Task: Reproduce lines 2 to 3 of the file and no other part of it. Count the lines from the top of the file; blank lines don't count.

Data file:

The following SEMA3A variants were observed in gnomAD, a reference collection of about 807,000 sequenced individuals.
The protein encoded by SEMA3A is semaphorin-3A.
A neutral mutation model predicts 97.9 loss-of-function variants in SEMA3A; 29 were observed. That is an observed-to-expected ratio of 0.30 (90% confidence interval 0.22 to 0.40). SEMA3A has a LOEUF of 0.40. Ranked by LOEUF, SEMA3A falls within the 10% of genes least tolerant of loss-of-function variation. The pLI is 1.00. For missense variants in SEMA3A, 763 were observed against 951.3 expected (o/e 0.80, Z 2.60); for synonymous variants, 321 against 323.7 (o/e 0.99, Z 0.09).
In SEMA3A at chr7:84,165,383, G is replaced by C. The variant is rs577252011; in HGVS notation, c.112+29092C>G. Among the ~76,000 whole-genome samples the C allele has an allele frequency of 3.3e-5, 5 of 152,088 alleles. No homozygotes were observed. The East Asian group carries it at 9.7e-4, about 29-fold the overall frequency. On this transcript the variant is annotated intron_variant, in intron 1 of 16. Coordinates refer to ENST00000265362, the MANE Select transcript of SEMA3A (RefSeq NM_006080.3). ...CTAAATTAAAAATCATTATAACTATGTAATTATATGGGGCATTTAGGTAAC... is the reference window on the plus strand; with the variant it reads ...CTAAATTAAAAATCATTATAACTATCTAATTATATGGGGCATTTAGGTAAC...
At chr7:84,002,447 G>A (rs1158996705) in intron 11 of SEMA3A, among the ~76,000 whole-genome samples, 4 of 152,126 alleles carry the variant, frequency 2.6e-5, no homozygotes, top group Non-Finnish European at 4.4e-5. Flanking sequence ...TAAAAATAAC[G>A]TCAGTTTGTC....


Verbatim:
The protein encoded by SEMA3A is semaphorin-3A.
A neutral mutation model predicts 97.9 loss-of-function variants in SEMA3A; 29 were observed. That is an observed-to-expected ratio of 0.30 (90% confidence interval 0.22 to 0.40). SEMA3A has a LOEUF of 0.40. Ranked by LOEUF, SEMA3A falls within the 10% of genes least tolerant of loss-of-function variation. The pLI is 1.00. For missense variants in SEMA3A, 763 were observed against 951.3 expected (o/e 0.80, Z 2.60); for synonymous variants, 321 against 323.7 (o/e 0.99, Z 0.09).